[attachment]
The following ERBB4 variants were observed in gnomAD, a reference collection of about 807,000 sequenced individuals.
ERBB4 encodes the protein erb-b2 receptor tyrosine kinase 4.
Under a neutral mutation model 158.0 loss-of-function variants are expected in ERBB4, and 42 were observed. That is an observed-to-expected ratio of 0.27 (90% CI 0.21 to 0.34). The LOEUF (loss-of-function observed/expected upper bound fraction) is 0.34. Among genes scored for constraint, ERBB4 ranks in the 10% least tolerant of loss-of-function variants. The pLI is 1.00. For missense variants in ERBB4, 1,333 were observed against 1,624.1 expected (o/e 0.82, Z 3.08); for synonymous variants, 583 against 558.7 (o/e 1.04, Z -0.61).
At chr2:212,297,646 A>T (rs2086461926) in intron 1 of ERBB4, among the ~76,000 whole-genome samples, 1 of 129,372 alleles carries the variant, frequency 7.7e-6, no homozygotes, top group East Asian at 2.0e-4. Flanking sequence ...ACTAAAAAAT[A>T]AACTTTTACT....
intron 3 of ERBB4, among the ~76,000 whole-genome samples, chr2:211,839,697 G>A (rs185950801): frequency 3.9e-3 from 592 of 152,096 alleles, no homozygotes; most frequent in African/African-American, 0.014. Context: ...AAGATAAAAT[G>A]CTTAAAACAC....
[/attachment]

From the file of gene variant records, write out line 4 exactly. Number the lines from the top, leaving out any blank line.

At chr2:212,297,646 A>T (rs2086461926) in intron 1 of ERBB4, among the ~76,000 whole-genome samples, 1 of 129,372 alleles carries the variant, frequency 7.7e-6, no homozygotes, top group East Asian at 2.0e-4. Flanking sequence ...ACTAAAAAAT[A>T]AACTTTTACT....